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Oct. 27 (Bloomberg) -- Wheat, soybeans and corn rose in Chicago, rebounding from two days of declines, on reduced concern demand may weaken after European leaders agreed on a plan to curb the region’s debt crisis.
A rescue fund’s firepower will be increased to 1 trillion euros ($1.4 trillion) and bondholders will accept 50 percent losses on Greek debt under the accord, reached at a second crisis summit in four days. The Standard & Poor’s GSCI Index of raw materials gained as much as 1.7 percent, advancing for a fourth session in five.
“With the news out of Europe as noted above that all is well, at least for the moment, grains are markedly higher,” said Dennis Gartman, the Suffolk, Virginia-based economist who edits the daily Gartman Letter.
Corn for December delivery climbed 1.6 percent to $6.4775 a bushel by 11:09 a.m. London time on the Chicago Board of Trade. The grain is up 9.3 percent this month on increased sales.
Soybeans for January delivery gained 1.9 percent to $12.4275 a bushel. That extended the oilseed’s rally this month to 5.4 percent.
Wheat for December delivery rose 2.2 percent to $6.33 a bushel. The grain has advanced 3.9 percent in October. Milling wheat for January delivery gained 0.4 percent to 184.50 euros ($258.41) a metric ton on NYSE Liffe in Paris.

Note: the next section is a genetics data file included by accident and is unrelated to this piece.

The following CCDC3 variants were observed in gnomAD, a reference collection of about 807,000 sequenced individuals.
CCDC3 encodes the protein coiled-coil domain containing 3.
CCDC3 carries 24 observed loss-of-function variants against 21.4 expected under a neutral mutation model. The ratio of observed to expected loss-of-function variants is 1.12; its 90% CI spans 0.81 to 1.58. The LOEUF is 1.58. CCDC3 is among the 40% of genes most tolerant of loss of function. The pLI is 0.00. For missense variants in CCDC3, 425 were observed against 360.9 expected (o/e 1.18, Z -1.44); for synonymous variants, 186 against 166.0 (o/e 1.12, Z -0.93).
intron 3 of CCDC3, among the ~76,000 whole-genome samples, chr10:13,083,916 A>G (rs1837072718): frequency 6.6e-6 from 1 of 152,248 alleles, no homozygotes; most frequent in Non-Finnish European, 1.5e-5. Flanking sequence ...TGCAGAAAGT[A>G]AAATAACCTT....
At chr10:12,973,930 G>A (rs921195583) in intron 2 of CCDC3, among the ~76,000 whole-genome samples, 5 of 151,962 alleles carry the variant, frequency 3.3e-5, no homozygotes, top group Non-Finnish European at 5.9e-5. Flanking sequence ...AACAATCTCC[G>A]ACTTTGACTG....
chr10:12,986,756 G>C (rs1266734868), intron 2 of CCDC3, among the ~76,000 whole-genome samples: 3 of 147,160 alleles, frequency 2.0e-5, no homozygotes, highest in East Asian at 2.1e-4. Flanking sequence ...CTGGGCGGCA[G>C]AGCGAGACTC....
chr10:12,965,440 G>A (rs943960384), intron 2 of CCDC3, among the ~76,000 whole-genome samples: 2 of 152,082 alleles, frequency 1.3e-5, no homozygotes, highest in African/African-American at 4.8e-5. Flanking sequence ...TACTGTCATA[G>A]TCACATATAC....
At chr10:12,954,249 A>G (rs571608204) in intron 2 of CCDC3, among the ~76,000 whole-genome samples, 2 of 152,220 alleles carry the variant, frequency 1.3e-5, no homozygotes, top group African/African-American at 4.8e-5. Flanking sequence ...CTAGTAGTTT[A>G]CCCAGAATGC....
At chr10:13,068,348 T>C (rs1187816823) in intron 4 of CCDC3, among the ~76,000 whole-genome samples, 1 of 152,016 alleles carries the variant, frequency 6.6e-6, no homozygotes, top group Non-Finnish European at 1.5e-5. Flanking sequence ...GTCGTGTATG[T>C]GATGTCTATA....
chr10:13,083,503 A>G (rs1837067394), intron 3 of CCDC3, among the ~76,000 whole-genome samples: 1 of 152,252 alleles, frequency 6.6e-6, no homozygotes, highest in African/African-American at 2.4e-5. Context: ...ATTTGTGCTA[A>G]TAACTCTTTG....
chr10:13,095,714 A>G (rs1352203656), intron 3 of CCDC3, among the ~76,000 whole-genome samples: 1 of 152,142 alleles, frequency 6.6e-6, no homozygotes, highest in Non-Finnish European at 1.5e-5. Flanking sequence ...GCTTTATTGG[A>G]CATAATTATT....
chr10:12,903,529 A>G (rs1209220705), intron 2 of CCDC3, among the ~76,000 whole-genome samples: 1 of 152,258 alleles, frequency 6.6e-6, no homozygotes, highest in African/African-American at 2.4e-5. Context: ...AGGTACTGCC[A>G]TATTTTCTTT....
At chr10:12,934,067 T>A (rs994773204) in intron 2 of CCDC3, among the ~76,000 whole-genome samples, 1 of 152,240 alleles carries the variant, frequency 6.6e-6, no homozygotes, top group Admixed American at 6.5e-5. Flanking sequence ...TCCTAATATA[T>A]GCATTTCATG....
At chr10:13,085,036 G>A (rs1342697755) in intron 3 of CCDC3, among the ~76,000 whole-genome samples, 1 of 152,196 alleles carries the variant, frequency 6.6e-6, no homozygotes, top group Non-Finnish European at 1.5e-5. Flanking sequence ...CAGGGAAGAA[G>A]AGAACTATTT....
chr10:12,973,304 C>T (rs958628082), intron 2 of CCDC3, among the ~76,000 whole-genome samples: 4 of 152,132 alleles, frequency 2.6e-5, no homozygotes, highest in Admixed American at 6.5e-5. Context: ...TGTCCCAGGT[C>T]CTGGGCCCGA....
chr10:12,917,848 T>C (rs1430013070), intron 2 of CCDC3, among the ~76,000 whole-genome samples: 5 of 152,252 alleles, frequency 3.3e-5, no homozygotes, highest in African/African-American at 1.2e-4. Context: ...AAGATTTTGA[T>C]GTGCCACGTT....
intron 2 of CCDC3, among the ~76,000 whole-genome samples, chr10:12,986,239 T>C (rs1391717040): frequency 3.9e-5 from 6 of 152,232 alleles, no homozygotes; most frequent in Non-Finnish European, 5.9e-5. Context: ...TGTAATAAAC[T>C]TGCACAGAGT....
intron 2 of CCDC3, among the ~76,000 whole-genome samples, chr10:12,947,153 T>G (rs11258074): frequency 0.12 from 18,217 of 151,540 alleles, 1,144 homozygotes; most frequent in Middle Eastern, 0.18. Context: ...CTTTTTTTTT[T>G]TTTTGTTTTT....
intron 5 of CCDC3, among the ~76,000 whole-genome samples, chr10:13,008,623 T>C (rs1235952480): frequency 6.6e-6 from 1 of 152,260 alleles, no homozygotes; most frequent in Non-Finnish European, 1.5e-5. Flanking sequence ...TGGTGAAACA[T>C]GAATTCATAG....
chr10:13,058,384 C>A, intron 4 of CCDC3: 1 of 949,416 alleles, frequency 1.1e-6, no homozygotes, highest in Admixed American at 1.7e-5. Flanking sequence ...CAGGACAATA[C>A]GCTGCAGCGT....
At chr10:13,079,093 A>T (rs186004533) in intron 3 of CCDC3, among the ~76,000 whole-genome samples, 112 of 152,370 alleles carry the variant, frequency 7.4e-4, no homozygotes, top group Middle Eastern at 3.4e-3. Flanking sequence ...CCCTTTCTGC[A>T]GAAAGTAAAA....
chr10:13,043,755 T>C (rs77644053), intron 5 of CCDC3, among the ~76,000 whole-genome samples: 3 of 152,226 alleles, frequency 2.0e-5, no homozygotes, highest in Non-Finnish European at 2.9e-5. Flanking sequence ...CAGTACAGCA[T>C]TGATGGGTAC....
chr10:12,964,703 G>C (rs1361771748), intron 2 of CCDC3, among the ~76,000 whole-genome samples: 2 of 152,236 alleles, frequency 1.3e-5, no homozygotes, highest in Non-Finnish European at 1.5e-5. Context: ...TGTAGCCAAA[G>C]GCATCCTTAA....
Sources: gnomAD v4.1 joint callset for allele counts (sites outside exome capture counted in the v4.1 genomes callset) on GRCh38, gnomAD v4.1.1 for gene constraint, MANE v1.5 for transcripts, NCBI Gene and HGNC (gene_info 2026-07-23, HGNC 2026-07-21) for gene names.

Rough rice for delivery in January added 0.5 percent to $17.25 per 100 pounds in Chicago.
“We’ve seen a bit of demand coming into the markets at these levels across the board for grains, largely driven out of Asia and the Middle East,” Michael Pitts, commodity sales director at National Australia Bank Ltd., said by phone from Sydney today.
Egypt, the world’s biggest wheat importer, yesterday bought 120,000 tons of the grain grown in Russia at $243.44 a ton. The price was “very competitive,” Pitts said.
--With assistance from Luzi Ann Javier in Singapore, Phoebe Sedgman in Melbourne and Mahmoud Kassem in Cairo. Editors: Dan Weeks, John Deane.
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